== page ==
Senators reintroduce Prescription Drug Monitoring Act

You may remember HB 614, Prescription Drug Monitoring Act, from the 2009 session of the state legislature. This bill would have set up a state surveillance system for the monitoring of prescribing and dispensing of certain medications. The database would have included most pain relievers, anxiety medications, sleep aids, anti-diarrheals and anything containing codeine.

As former Congressman and US Attorney Bob Barr noted, HB 614 was intended “to make it easier for law enforcement and regulatory agencies to discover alleged ‘pill pushers’ and prescription drug abusers without having to go through the normal – and constitutionally appropriate – process of obtaining subpoenas and warrants (in other words, without having to first develop some evidence that a person may be violating the law before invading their privacy).”

The legislation was a clear violation of the right to privacy and protections against searches without a warrant protected in both the state and federal constitutions, as well as already established court precedent.

Under Georgia law, no law enforcement official can lawfully obtain any part of a Georgia citizen’s medical record without first obtaining the patient’s consent or a court order, such as a search warrant or a subpoena. In Johnson v. State, the Georgia Court of Appeals held that “the State is not entitled to exercise indiscriminate subpoena power as an investigative substitute for procedural devices otherwise available to it in the criminal context, such as a search warrant.”

In King v. State, the Georgia Supreme Court reiterated that “In this state, privacy is considered a fundamental constitutional right and is ‘recognized as having a value so essential to individual liberty in our society that [its] infringement merits careful scrutiny by the courts.’” It also noted that “[p]ermitting the State unlimited access to medical records for the purposes of prosecuting the patient would have the highly oppressive effect of chilling the decision of any and all Georgians to seek medical treatment.”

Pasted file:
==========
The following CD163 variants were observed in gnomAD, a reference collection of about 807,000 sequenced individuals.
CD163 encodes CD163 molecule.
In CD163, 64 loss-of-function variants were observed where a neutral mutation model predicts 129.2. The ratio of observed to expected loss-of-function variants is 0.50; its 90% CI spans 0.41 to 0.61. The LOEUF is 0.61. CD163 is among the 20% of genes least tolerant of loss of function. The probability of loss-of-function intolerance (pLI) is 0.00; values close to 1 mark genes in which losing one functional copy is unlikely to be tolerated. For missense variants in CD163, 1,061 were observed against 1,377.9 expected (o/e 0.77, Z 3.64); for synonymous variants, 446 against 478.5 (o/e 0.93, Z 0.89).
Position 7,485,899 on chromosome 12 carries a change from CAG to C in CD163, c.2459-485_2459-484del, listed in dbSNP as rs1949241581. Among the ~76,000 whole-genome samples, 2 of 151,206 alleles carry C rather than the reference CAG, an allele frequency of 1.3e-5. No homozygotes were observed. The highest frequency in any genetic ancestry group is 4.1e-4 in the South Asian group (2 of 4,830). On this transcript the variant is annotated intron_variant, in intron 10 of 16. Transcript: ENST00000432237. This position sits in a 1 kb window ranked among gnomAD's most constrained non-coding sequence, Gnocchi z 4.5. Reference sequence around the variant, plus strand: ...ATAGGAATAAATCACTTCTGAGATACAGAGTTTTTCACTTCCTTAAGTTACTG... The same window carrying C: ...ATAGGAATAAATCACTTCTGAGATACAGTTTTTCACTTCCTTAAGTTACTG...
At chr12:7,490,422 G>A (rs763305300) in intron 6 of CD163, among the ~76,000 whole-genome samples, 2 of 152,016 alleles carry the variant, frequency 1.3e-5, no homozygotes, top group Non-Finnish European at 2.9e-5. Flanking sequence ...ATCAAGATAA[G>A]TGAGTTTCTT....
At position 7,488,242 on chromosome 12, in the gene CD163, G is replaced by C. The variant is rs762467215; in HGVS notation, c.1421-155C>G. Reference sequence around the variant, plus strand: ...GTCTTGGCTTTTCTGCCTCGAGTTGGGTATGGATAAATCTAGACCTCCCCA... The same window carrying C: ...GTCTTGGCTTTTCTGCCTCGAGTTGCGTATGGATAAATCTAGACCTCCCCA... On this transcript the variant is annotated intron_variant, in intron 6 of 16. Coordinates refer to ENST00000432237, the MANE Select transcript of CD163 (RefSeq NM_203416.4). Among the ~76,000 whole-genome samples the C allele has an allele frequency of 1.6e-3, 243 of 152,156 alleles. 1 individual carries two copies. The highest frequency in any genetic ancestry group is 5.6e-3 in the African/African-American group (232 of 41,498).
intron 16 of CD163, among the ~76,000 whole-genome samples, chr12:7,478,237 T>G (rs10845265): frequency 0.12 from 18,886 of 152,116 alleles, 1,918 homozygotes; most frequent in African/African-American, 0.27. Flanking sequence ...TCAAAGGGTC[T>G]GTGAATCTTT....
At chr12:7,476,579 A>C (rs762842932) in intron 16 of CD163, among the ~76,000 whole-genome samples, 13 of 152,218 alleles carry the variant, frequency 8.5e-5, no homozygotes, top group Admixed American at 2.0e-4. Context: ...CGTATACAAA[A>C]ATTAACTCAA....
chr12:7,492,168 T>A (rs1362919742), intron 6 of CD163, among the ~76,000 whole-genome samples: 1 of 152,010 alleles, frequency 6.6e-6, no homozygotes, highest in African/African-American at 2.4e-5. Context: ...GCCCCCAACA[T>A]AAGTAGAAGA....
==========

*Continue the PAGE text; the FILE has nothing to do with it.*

HB 614 was passed in the House by a vote of 161 to 9 on Crossover Day, but was defeated in the Senate just days later by a vote of 25 to 29. As you can see in the video below, Sen. Preston Smith was key in killing HB 614:

On Sine Die, supporters of the bill attempted to sneak it through in an amendment to SB 56. This was picked up by talk show host Neal Boortz, who alerted his Georgia listeners to what was going. SB 56 faced tough questioning from House members, including many privacy advocates that missed HB 614 the first time around, and was eventually tabled.

Unfortunately, the Prescription Drug Monitoring Act is back, although the sponsors aren’t using that name this time around. SB 418 was filed on February 16th and is sitting in the Senate Health and Human Services Committee. A hearing has not been scheduled at this time.

I cannot say that it will receive consideration this year because of everything else going on, but it appears that some noise is being made by supporters of the bill. SB 418 would have to clear the Senate by the end of business on Thursday, March 25th, to be considered this session.


  1. Game Fan says: